Subhankar Banerjee
A polar bear makes its way across a frozen stretch of the Arctic National Wildlife Refuge in Alaska. An upcoming report warns warmer Arctic temperatures mean less ice in winter, among other changes.
msnbc.com staff and news service reports
updated 11/4/2004 9:26:16 AM ET 2004-11-04T14:26:16

Deepening a rift over global warming policy, some European partners are accusing the Bush administration of trying to weaken a report that warns the Arctic is warming almost twice as fast as the rest of the planet.

President Bush has made clear he opposes mandatory curbs on gases like carbon dioxide, which create a greenhouse effect on Earth. Many scientists fear fossil fuel sources of CO2 and other gases are warming the Earth beyond the natural greenhouse effect.

Bush also pulled out of the U.N.’s 1997 protocol on global warming, arguing it was too expensive and exempted China, India and other rapidly developing nations.

Most other industrial nations, most recently Russia, have agreed to Kyoto’s target of cutting developed nations’ CO2 emissions by five percent below 1990 levels by 2008-12.

'Sidetrack' strategy?
The upcoming report is the work of the Arctic Council, a group made up of the United States, Russia, Canada, Denmark, Norway, Sweden, Finland and Iceland.

Ministers from the group are now working on recommendations ahead of a meeting of foreign ministers in Iceland on Nov. 24.

Interactive: The greenhouse effect One European negotiator said the administration is trying to "sidetrack the whole process so it is not confronted with the question, 'Do you believe in climate change, or don't you?'"

A European diplomat added that “U.S. negotiators say ’we already have a policy on global warming — we can’t have a new one just for the Arctic’.”

The negotiator added that while the other member nations will try to press the United States on the matter in the final talks, "I cannot see any solution to this unless (the Bush administration) clearly changes its position."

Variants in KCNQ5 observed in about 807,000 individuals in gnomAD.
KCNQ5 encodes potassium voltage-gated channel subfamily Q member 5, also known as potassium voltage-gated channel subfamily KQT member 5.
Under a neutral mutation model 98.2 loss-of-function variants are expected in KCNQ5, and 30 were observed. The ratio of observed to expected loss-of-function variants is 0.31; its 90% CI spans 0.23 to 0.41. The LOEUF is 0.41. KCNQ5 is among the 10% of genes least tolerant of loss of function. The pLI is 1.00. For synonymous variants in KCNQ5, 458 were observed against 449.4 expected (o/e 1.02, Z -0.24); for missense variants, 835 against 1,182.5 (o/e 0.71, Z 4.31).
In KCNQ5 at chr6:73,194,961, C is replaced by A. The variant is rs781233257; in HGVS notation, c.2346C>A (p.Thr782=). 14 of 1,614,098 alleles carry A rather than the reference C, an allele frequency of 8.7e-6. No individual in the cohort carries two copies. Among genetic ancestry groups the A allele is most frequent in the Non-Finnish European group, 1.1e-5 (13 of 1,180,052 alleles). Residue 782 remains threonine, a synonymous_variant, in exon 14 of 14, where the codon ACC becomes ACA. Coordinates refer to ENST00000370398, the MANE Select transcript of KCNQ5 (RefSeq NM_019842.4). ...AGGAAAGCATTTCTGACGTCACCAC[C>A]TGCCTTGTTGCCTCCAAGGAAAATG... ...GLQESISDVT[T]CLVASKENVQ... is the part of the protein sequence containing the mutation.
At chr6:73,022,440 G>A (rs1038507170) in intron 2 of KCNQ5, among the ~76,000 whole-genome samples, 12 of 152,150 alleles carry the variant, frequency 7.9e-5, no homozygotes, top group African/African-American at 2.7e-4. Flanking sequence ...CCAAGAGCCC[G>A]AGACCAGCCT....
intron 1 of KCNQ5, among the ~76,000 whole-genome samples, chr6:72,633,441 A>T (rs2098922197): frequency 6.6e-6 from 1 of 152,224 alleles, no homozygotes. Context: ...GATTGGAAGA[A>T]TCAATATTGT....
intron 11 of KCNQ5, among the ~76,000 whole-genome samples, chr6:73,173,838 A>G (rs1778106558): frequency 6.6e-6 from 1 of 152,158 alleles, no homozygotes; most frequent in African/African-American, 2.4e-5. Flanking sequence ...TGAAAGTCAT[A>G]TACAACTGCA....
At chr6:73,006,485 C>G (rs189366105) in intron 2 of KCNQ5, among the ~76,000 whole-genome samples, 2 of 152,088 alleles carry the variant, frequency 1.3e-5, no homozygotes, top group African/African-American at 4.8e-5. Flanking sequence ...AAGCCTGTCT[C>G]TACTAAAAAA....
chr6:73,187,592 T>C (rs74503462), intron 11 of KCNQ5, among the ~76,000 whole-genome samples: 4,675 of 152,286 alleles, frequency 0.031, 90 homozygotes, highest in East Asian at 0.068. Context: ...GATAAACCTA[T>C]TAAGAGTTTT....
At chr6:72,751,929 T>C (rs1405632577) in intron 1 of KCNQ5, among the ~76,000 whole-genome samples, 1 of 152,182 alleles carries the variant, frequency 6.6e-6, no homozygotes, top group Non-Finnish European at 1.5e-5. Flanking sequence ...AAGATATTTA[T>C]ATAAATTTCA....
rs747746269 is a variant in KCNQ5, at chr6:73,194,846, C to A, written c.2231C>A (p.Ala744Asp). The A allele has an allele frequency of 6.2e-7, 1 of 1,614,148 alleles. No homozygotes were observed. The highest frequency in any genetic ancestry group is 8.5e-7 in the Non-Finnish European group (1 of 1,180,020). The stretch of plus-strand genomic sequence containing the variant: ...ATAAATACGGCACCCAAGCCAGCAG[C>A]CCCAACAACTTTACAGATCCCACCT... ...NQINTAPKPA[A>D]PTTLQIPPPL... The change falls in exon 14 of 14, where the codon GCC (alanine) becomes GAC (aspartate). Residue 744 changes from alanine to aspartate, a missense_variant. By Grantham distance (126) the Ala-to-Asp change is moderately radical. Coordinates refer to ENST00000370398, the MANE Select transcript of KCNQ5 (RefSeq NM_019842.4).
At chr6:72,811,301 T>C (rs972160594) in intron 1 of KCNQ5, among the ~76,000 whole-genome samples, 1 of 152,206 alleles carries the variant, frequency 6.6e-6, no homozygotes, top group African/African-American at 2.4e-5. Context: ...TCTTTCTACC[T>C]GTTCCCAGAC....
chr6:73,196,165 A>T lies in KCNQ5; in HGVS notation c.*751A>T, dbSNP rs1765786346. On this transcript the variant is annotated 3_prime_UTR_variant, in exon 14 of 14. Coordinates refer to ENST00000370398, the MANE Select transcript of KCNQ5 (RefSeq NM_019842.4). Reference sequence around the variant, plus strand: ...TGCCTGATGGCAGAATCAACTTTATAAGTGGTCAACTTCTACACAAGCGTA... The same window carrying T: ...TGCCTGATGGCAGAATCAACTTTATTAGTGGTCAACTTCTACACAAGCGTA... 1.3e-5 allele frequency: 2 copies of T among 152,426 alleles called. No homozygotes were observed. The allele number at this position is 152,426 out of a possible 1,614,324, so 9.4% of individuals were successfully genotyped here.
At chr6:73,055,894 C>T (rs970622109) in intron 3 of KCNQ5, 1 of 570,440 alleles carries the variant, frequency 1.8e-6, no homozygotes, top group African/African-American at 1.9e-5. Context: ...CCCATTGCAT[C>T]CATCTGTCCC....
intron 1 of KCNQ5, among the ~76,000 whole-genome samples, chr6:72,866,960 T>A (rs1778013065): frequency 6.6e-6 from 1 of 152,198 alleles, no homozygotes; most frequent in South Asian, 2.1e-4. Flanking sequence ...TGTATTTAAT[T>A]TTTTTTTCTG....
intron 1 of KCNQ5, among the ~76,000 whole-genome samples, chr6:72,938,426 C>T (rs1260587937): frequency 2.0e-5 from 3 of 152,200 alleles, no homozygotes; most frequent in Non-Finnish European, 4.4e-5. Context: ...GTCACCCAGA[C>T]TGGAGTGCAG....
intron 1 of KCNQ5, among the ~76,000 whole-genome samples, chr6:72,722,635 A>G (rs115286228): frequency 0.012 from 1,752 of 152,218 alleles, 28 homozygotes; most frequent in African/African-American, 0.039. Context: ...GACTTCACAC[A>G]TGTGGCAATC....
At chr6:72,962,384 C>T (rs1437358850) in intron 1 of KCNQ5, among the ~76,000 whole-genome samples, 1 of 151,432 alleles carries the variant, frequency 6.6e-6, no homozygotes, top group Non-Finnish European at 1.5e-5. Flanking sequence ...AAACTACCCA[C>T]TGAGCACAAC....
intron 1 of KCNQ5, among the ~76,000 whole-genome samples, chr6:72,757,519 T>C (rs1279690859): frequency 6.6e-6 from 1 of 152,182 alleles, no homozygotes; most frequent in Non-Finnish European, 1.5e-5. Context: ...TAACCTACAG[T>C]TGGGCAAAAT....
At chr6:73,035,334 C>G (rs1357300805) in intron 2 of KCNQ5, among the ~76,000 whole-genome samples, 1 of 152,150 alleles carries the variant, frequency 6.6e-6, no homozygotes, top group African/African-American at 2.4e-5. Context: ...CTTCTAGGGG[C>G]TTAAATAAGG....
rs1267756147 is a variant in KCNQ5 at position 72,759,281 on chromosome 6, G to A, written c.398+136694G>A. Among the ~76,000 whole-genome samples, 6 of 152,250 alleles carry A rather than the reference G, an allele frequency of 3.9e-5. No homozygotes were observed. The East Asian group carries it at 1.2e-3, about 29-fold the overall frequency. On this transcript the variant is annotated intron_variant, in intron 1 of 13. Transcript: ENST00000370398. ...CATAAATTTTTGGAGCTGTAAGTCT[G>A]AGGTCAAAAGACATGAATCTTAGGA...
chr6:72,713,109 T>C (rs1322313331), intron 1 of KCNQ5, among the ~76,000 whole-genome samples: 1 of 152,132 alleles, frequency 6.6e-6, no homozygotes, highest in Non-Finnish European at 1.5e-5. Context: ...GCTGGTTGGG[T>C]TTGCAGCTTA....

Parts of the report have been leaked in recent weeks, and the scientific overview, titled "Impacts of a Warming Arctic," is to be formally released Monday.

Scientists have agreed to discuss parts of the report ahead of full publication. And some European governments originally wanted the report issued before Tuesday’s U.S. presidential election.

U.S. objection to wording
The Washington Post reported Thursday that the Bush administration has lobbied to drop a policy section stating that in order to meet climate goals set in 1992, the "Arctic Council urges the member states to individually and when appropriate, jointly, adopt climate change strategies across relevant sectors. These strategies should aim at the reduction of the emission of greenhouse gases."

Arctic Council
The cover page from the upcoming scientific overview prepared for the Arctic Council.
A senior State Department official who asked not to be identified told the Post that "we're bound by the administration's position. We're not going to make global climate policy at the Arctic Council."

Environmental groups have urged the council to crack down.

“The big melt has begun,” Jennifer Morgan, director of the World Wildlife Fund’s global climate change campaign, said in a statement. She said industrialized nations were using the Arctic as a guinea pig in an uncontrolled experiment on climate change.

What's in the overview
The scientific overview, prepared by a team of 300 scientists from member nations, projects that temperatures in the Arctic will rise by 8 to 14 degrees Fahrenheit in the next 100 years. If temperatures then stayed stable, the Greenland icecap would melt altogether in 1,000 years and raise global sea levels by about 23 feet.

“We are taking a risk with the global climate,” said Paal Prestrud, vice-chair of the Arctic Climate Impact Assessment, which was tasked with writing the report.

The icecap has shrunk by 15-20 percent in the past 30 years and the contraction is likely to accelerate, Prestrud said. The Arctic Ocean could be almost ice-free in summer by the end of the century.

Inuit hunters are falling through ice, the overview states, permafrost is thawing and destabilizing foundations of buildings and vital winter roads while the habitat of creatures from polar bears to seals is literally melting away.

The overview does acknowledge that the thaw will have some positive side-effects. Oil and gas deposits will be easier to reach, more farming may be possible and shortcut trans-Arctic shipping lanes may open.

Reuters contributed to this report.


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